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Journey to the Savage Planet review

Savagely satisfying

The first creature you encounter in Journey to the Savage Planet is the “Pufferbird”. Bouncing about like a bunny rabbit and gazing at you with big puppy dog eyes, the avian alien is positively precious…right up until the point you boot it to death.

The adorable little beast contains a valuable resource needed to craft your pistol. So, given the choice of cuddling with it or literally kicking the carbon out of it’s fluffy body, you find yourself – somewhat reluctantly – letting loose on its beaked face.

Of course, by the time you meet the Pufferbird’s armored friends later in the game, you won’t think twice about not only ending them, but leveraging the likes of explosives and acid to ensure the job’s done right.



But we’re getting ahead of ourselves. Journey to the Savage Planet is an exploration-focused affair, an adventure that puts you in the boots of an interstellar pioneer tasked with finding a potential new spot for Earthlings to squat.

You scan and collect data on the planet’s flora and fauna, dig into its many mysteries – including the apparent, unexpected existence of intelligent life – and continually upgrade your character to hasten your progression.

That latter act is where the game really shines, as the constant lure of new gear and goodies will have you uncovering every nook and cranny of its open-ish world. Collecting alien artifacts and other valuable resources fuels an endlessly engaging loop, one that regularly sees you unlocking new items, then gathering the necessary materials to craft them.



While the promise of a new grappling hook, jet-pack upgrade, or buff to your pistol will see you turning every stone, shaking every tree, and provoking any extraterrestrial that crosses your path, pimping your intrepid explorer with new toys is only half the fun.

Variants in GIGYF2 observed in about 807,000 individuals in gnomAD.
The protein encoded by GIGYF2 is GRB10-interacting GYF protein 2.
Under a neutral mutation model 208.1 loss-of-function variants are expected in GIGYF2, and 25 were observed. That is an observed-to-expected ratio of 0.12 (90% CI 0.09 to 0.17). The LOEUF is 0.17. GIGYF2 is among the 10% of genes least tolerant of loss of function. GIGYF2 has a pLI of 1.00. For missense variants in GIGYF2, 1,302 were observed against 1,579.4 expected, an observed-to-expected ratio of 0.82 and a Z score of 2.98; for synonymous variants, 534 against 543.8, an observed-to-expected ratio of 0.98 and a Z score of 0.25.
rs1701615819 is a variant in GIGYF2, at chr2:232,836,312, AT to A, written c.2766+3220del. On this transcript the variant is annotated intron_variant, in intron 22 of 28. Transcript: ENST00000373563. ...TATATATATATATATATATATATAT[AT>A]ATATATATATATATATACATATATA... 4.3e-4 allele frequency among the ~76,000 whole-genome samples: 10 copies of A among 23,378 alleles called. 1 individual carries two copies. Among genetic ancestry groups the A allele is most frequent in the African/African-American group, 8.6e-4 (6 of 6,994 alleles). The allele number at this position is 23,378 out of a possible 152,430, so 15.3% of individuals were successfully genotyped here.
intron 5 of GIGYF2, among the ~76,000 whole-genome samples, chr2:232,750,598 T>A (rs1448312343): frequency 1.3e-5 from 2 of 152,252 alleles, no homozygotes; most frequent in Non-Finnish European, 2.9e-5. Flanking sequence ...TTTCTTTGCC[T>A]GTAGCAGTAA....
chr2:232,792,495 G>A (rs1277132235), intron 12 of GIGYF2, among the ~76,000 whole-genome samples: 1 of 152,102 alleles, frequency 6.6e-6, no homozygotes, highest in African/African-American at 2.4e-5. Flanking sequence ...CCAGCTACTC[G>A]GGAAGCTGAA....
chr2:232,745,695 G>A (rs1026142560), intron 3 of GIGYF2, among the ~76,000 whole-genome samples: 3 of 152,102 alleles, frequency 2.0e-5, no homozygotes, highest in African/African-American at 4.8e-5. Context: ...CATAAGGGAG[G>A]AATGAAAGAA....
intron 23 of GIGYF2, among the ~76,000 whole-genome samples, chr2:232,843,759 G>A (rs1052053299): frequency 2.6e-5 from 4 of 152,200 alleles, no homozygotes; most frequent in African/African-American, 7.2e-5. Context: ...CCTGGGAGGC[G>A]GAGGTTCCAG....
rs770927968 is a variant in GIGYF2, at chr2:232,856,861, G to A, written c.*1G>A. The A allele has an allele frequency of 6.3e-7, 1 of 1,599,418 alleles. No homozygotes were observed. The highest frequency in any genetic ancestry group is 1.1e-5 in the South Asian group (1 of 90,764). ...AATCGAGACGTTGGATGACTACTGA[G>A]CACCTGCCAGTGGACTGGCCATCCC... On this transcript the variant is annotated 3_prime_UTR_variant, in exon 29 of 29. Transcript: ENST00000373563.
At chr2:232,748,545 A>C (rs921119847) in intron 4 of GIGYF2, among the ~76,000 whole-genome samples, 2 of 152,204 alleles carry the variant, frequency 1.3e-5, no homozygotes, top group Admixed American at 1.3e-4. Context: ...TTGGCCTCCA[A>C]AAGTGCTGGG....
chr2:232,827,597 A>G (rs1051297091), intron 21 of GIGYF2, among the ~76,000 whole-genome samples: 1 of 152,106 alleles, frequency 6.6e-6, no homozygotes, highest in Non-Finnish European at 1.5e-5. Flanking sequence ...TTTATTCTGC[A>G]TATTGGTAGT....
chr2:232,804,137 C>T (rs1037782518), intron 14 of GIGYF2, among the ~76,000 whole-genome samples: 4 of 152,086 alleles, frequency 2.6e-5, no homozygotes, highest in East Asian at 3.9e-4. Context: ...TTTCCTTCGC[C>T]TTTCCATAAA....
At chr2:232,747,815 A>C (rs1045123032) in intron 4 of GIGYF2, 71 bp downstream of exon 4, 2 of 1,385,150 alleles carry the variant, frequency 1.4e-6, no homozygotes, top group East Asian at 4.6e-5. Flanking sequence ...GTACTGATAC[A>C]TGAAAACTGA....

As you add more tools to your arsenal, you’re granted additional opportunities to dig deeper into the world, both literally and figuratively. The game smartly riffs on the popular Metroidvania formula, encouraging – and often requiring – you to revisit areas that were previously inaccessible. A series of unreachable, floating rocks spied early in the game, for example, might become a brand new playground once you’ve acquired the proper gear.

The constant draw of upgrades, coupled with the fresh avenues they open, make Journey to the Savage Planet an unexpectedly addictive affair; good luck turning in for the night once you’ve just discovered the coveted item that will finally get you through that blocked passage you’ve been dying to breach.



Of course, it doesn’t hurt the game’s far-off world is a visual stunner. Vibrant, varied, and packed with secrets and surprises, it’s an absolute joy to explore. Whether you find yourself navigating a beautiful lava cave, picking a bioluminescent flower to light a dark path, or using gooey bait to lure a clueless creature into a wood chipper-like plant, the world – and the imaginative ways in which you interact with it – will continually stretch a smile across your face.

If seeing a Pufferbird unceremoniously shredded by a hungry flower doesn’t make you laugh, however, the game’s hilarious, satirical ads should do the trick. Played on screens back at your hub-like, grounded spacecraft, the short videos bitingly skewer consumerism and capitalism with gut-busting results.

Everything from obnoxious in-app purchases to adult phone sex lines are targeted with sharp wit and stomach-churning imagery. There’s really no preparing yourself for the sight of a pulsating blob gurgling sweet nothings into a handset while splayed out on pink, satin bed sheets. Although, if you survive “Meat Buddy", a cuddly companion crafted from reconstituted fat, gristle, and beef scraps, you may be somewhat desensitized to the “hottest slimeform in the galaxy".



Journey to the Savage Planet won’t be everyone’s cup of tea. It’s a sci-fi game that daringly forgoes combat in favor of exploration, while character interactions and story beats are intentionally kept at a minimum. And although completionists will find plenty of optional tasks to keep them busy, those sticking to the more critical path might find the budget-priced title a bit too brief.

All that said, it puts a fresh spin on some of our recent favorites’ best elements – from The Outer Worlds corporate-roasting humor to No Man’s Sky‘s free-form adventuring – while its compelling, Metroidvania-inspired progression might see you completing it in a single, marathon play session.

Stuff Says…

Score: 4/5

Journey to the Savage Planet offers a refreshingly unique, personality-packed take on the sci-fi genre

Good Stuff

Absorbing upgrade loop

Biting sense of humour

Metroidvania-flavored exploration

Gorgeous, varied visual presentation

Bad Stuff

The inevitable Meat Buddy Nightmares

Profile image of Matt Cabral Matt Cabral Contributor


Matt is a freelance games journalist, and contributor to Stuff magazine and Stuff.tv

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